• Internet user growth decelerated. Rose 7% in 2017, down from 12% the year before. With more than half the world online, there are fewer people left to connect.
  • People, however, are still increasing the amount of time they spend online. U.S. adults spent 5.9h per day on digital media in 2017, up from 5.6h in 2016. Some 3.3 of those hours were spent on mobile, which is responsible for overall growth in digital media consumption.
  • Despite the high-profile releases of $1,000 iPhones and Samsung Galaxy Notes, the global average selling price of smartphones is continuing to decline. Lower costs help drive smartphone adoption in less-developed markets.
  • China continues to lead the rest of the world in mobile payment adoption, with over 500m active mobile payment users in 2017.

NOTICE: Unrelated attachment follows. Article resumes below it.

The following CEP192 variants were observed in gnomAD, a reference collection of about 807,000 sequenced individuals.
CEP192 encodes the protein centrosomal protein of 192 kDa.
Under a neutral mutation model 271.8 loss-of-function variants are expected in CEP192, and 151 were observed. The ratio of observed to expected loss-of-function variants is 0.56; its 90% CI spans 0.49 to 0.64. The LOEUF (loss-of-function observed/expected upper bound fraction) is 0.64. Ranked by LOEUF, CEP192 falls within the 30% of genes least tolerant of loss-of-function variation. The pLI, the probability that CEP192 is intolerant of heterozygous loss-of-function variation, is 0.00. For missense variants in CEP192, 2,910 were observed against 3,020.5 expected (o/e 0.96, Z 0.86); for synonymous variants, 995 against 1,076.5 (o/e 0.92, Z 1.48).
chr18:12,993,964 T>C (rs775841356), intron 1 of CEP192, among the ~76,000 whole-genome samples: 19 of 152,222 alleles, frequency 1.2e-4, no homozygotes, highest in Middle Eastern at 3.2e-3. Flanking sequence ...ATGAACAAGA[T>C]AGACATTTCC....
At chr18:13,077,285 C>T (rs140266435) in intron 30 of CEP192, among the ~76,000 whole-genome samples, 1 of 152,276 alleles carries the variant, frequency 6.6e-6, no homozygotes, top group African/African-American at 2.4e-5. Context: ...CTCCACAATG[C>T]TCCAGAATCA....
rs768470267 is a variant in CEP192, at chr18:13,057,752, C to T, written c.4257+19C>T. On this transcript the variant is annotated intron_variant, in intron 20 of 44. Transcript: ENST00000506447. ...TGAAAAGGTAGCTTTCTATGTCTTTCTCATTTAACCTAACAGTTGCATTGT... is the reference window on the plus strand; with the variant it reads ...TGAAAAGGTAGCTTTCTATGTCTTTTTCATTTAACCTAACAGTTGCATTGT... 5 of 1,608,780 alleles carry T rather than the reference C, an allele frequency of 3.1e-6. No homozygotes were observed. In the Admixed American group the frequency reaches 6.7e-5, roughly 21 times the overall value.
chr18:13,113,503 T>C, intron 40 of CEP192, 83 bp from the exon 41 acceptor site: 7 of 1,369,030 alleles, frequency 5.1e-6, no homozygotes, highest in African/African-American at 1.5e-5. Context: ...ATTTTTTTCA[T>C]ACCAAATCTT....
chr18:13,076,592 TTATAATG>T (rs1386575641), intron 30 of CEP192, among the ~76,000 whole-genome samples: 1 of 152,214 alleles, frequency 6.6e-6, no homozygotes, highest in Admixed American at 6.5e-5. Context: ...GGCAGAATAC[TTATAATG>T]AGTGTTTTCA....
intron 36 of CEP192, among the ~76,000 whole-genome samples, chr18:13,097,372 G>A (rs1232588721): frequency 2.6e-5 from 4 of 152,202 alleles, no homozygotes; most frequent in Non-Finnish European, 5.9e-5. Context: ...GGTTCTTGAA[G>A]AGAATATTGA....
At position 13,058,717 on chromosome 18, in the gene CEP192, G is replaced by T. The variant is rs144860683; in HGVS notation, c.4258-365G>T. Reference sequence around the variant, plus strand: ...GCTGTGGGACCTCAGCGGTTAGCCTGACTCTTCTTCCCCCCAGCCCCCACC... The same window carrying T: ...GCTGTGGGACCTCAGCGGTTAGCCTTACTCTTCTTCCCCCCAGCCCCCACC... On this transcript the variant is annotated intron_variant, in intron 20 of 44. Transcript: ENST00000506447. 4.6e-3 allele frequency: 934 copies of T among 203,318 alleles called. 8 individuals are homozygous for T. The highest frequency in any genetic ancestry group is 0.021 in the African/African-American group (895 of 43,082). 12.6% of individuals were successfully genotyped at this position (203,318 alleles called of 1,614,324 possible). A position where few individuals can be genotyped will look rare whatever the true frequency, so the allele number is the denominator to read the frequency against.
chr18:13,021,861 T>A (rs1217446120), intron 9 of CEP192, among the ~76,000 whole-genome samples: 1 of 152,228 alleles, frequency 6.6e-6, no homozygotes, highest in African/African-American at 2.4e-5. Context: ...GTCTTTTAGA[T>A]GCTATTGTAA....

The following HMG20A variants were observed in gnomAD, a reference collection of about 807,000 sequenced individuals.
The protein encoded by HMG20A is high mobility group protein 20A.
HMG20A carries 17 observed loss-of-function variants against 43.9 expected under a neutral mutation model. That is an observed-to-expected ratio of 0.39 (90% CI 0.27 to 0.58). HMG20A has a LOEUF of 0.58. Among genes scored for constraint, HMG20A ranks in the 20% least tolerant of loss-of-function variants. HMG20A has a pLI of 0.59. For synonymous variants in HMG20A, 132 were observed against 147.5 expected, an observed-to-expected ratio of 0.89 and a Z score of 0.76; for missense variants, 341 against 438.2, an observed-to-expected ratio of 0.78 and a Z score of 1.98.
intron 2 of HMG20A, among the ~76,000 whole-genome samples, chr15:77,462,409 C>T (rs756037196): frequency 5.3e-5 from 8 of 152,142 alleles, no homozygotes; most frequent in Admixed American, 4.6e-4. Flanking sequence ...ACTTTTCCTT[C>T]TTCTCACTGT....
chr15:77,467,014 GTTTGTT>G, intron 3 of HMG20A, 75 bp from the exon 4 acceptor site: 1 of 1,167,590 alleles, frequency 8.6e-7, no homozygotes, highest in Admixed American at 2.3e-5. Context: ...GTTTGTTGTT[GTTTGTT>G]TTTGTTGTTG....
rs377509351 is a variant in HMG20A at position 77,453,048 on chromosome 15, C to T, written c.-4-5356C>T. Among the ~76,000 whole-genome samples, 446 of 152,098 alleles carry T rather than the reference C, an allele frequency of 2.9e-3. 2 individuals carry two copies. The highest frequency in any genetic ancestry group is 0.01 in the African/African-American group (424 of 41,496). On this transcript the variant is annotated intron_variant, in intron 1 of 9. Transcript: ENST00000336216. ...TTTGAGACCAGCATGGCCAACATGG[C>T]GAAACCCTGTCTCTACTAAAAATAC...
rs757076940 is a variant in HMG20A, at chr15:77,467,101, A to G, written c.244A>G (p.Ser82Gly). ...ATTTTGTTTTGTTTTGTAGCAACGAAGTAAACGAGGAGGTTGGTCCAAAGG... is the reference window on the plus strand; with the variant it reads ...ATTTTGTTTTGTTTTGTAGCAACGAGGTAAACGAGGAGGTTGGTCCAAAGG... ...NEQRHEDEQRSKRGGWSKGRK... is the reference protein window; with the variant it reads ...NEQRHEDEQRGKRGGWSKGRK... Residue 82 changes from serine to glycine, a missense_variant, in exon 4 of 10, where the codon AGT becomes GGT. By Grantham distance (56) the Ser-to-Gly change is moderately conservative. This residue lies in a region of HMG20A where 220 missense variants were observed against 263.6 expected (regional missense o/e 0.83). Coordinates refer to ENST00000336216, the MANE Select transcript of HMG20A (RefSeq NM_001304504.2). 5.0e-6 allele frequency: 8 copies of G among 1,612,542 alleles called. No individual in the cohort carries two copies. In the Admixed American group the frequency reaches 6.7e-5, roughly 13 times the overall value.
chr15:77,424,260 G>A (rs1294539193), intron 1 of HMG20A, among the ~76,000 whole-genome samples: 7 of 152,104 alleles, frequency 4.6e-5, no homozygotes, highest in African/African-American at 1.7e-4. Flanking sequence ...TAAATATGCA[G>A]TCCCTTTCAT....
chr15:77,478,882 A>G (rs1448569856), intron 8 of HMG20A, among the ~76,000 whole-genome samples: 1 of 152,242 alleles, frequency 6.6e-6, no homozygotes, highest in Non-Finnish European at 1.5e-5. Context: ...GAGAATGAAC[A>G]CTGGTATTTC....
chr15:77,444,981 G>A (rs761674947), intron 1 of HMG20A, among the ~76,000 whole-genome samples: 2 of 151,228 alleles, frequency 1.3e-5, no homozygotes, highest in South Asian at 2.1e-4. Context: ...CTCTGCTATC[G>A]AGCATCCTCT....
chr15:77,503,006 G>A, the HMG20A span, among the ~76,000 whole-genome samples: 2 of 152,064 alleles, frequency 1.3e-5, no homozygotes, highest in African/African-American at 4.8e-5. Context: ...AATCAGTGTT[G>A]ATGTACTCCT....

• Voice-controlled products like Amazon Echo are taking off. The Echo’s installed base in the U.S. grew from 20m in Q317 to more than 30m in Q4.
  • E-commerce sales grew 16% in the U.S. in 2017, up from 14% in 2016. Amazon is taking a bigger share of those sales at 28% last year. Conversely, physical retail sales are continuing to decline.
  • Big tech is competing on more fronts. Google is expanding from an ads platform to a commerce platform via Google Home Ordering. Meanwhile, e-commerce giant Amazon is moving into advertising.
  • Internet leaders like Google and Amazon will offer more AI service platforms as AI becomes a bigger part of enterprise spending.
  • China is catching up as a hub to the world’s biggest internet companies. Currently, China is home to nine of the world’s 20 biggest internet companies by market cap while the U.S. has 11. Five years ago, China had 2 and the U.S. had 9.

🐦 Tweet of the week


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el producto is a curated selection of Tech&Product happenings within the last few days from a curious and frequently skeptical Product Owner’s perspective.